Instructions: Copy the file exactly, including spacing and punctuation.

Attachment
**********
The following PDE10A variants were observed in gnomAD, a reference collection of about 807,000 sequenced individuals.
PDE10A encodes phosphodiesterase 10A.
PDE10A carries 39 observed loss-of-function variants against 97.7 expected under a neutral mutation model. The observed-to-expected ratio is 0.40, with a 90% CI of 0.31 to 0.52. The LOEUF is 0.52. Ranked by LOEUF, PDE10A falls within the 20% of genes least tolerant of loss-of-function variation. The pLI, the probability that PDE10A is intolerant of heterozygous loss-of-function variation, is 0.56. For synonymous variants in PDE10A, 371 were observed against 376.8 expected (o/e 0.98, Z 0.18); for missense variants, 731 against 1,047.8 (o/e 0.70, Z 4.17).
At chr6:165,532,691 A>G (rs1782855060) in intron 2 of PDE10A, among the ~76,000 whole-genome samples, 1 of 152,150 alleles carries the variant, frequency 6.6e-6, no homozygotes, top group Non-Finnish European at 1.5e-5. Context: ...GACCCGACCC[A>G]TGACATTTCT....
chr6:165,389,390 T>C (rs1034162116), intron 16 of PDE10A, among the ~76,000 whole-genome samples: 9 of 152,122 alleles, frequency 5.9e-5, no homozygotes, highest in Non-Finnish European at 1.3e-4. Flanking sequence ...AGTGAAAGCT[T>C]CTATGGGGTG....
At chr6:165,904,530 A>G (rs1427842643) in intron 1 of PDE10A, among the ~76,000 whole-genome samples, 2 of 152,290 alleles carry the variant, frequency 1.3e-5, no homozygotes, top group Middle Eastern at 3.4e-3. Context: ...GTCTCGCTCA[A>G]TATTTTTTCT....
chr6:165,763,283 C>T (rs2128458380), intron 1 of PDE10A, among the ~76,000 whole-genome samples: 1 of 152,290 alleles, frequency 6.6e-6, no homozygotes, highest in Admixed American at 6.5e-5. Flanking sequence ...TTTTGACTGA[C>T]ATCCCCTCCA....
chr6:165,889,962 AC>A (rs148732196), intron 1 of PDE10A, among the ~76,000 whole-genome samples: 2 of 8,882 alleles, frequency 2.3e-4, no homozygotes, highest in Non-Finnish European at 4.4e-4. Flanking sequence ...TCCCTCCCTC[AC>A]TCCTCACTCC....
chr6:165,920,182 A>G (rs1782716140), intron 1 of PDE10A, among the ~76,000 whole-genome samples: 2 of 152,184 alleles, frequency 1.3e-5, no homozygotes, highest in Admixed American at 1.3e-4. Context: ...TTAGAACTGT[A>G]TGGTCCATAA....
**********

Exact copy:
The following PDE10A variants were observed in gnomAD, a reference collection of about 807,000 sequenced individuals.
PDE10A encodes phosphodiesterase 10A.
PDE10A carries 39 observed loss-of-function variants against 97.7 expected under a neutral mutation model. The observed-to-expected ratio is 0.40, with a 90% CI of 0.31 to 0.52. The LOEUF is 0.52. Ranked by LOEUF, PDE10A falls within the 20% of genes least tolerant of loss-of-function variation. The pLI, the probability that PDE10A is intolerant of heterozygous loss-of-function variation, is 0.56. For synonymous variants in PDE10A, 371 were observed against 376.8 expected (o/e 0.98, Z 0.18); for missense variants, 731 against 1,047.8 (o/e 0.70, Z 4.17).
At chr6:165,532,691 A>G (rs1782855060) in intron 2 of PDE10A, among the ~76,000 whole-genome samples, 1 of 152,150 alleles carries the variant, frequency 6.6e-6, no homozygotes, top group Non-Finnish European at 1.5e-5. Context: ...GACCCGACCC[A>G]TGACATTTCT....
chr6:165,389,390 T>C (rs1034162116), intron 16 of PDE10A, among the ~76,000 whole-genome samples: 9 of 152,122 alleles, frequency 5.9e-5, no homozygotes, highest in Non-Finnish European at 1.3e-4. Flanking sequence ...AGTGAAAGCT[T>C]CTATGGGGTG....
At chr6:165,904,530 A>G (rs1427842643) in intron 1 of PDE10A, among the ~76,000 whole-genome samples, 2 of 152,290 alleles carry the variant, frequency 1.3e-5, no homozygotes, top group Middle Eastern at 3.4e-3. Context: ...GTCTCGCTCA[A>G]TATTTTTTCT....
chr6:165,763,283 C>T (rs2128458380), intron 1 of PDE10A, among the ~76,000 whole-genome samples: 1 of 152,290 alleles, frequency 6.6e-6, no homozygotes, highest in Admixed American at 6.5e-5. Flanking sequence ...TTTTGACTGA[C>T]ATCCCCTCCA....
chr6:165,889,962 AC>A (rs148732196), intron 1 of PDE10A, among the ~76,000 whole-genome samples: 2 of 8,882 alleles, frequency 2.3e-4, no homozygotes, highest in Non-Finnish European at 4.4e-4. Flanking sequence ...TCCCTCCCTC[AC>A]TCCTCACTCC....
chr6:165,920,182 A>G (rs1782716140), intron 1 of PDE10A, among the ~76,000 whole-genome samples: 2 of 152,184 alleles, frequency 1.3e-5, no homozygotes, highest in Admixed American at 1.3e-4. Context: ...TTAGAACTGT[A>G]TGGTCCATAA....